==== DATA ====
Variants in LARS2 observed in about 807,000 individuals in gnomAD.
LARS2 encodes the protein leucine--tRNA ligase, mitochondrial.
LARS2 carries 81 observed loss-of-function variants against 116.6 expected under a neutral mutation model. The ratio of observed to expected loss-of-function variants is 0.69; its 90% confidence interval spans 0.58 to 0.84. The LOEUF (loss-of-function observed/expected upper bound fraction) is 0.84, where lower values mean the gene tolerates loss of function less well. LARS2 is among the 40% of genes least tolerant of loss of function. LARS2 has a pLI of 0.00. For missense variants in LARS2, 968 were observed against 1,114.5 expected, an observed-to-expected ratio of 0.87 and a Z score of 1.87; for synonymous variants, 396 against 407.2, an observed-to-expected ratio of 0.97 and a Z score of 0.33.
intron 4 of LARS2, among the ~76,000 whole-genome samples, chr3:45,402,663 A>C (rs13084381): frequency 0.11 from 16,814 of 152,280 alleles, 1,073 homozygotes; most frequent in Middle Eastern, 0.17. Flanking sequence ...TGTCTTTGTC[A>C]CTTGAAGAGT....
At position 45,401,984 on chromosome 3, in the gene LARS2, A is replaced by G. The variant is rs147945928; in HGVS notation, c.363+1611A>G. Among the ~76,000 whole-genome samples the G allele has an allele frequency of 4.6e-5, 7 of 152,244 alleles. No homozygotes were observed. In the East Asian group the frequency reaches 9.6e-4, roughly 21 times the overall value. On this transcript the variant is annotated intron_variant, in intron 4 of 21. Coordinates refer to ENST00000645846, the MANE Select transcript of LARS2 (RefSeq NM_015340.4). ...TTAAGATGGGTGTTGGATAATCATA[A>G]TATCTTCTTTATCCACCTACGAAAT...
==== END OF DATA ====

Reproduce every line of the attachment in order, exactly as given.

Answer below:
Variants in LARS2 observed in about 807,000 individuals in gnomAD.
LARS2 encodes the protein leucine--tRNA ligase, mitochondrial.
LARS2 carries 81 observed loss-of-function variants against 116.6 expected under a neutral mutation model. The ratio of observed to expected loss-of-function variants is 0.69; its 90% confidence interval spans 0.58 to 0.84. The LOEUF (loss-of-function observed/expected upper bound fraction) is 0.84, where lower values mean the gene tolerates loss of function less well. LARS2 is among the 40% of genes least tolerant of loss of function. LARS2 has a pLI of 0.00. For missense variants in LARS2, 968 were observed against 1,114.5 expected, an observed-to-expected ratio of 0.87 and a Z score of 1.87; for synonymous variants, 396 against 407.2, an observed-to-expected ratio of 0.97 and a Z score of 0.33.
intron 4 of LARS2, among the ~76,000 whole-genome samples, chr3:45,402,663 A>C (rs13084381): frequency 0.11 from 16,814 of 152,280 alleles, 1,073 homozygotes; most frequent in Middle Eastern, 0.17. Flanking sequence ...TGTCTTTGTC[A>C]CTTGAAGAGT....
At position 45,401,984 on chromosome 3, in the gene LARS2, A is replaced by G. The variant is rs147945928; in HGVS notation, c.363+1611A>G. Among the ~76,000 whole-genome samples the G allele has an allele frequency of 4.6e-5, 7 of 152,244 alleles. No homozygotes were observed. In the East Asian group the frequency reaches 9.6e-4, roughly 21 times the overall value. On this transcript the variant is annotated intron_variant, in intron 4 of 21. Coordinates refer to ENST00000645846, the MANE Select transcript of LARS2 (RefSeq NM_015340.4). ...TTAAGATGGGTGTTGGATAATCATA[A>G]TATCTTCTTTATCCACCTACGAAAT...